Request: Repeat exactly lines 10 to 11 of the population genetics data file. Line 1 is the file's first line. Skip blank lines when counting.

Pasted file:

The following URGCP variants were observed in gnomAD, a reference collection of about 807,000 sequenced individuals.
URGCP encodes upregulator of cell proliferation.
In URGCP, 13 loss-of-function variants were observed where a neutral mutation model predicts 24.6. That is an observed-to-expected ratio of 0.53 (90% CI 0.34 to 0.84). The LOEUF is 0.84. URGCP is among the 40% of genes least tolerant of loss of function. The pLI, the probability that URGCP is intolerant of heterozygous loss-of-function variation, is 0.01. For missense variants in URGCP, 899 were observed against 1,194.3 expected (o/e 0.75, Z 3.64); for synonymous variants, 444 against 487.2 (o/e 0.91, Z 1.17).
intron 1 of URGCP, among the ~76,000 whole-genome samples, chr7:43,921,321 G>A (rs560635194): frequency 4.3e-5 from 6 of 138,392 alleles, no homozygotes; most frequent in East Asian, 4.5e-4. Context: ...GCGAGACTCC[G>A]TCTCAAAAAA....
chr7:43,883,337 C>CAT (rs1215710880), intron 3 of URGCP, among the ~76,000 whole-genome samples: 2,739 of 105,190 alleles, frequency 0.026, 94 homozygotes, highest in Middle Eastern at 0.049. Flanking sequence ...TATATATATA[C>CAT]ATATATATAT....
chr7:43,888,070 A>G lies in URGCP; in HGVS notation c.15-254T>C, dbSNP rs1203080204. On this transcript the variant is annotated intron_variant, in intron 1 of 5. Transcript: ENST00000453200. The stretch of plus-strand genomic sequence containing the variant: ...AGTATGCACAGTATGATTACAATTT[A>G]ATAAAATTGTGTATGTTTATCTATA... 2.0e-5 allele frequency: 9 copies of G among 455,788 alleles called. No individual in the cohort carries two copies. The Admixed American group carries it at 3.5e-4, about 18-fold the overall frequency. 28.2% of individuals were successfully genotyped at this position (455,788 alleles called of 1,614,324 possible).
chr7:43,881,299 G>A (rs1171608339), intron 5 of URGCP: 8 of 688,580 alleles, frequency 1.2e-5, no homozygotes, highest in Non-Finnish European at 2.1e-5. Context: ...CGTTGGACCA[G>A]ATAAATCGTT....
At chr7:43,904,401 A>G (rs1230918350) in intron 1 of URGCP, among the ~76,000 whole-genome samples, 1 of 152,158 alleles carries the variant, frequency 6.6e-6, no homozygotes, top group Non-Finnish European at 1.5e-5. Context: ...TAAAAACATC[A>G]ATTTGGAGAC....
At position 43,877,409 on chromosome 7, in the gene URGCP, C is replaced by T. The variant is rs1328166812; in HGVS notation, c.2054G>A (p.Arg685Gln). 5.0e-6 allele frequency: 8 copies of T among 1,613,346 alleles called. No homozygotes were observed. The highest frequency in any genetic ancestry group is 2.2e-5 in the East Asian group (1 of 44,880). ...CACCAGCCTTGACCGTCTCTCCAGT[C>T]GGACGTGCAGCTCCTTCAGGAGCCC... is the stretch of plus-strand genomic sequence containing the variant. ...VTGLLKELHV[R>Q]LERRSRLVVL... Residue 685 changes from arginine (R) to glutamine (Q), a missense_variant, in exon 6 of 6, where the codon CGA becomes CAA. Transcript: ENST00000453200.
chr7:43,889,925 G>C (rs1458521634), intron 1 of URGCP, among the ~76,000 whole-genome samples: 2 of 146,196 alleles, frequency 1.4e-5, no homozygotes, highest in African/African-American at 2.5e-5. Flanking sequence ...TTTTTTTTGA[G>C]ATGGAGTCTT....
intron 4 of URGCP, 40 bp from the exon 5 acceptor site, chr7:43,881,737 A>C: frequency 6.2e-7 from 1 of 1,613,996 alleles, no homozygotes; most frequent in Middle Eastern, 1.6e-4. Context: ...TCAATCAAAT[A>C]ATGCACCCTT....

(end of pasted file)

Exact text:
chr7:43,889,925 G>C (rs1458521634), intron 1 of URGCP, among the ~76,000 whole-genome samples: 2 of 146,196 alleles, frequency 1.4e-5, no homozygotes, highest in African/African-American at 2.5e-5. Flanking sequence ...TTTTTTTTGA[G>C]ATGGAGTCTT....
intron 4 of URGCP, 40 bp from the exon 5 acceptor site, chr7:43,881,737 A>C: frequency 6.2e-7 from 1 of 1,613,996 alleles, no homozygotes; most frequent in Middle Eastern, 1.6e-4. Context: ...TCAATCAAAT[A>C]ATGCACCCTT....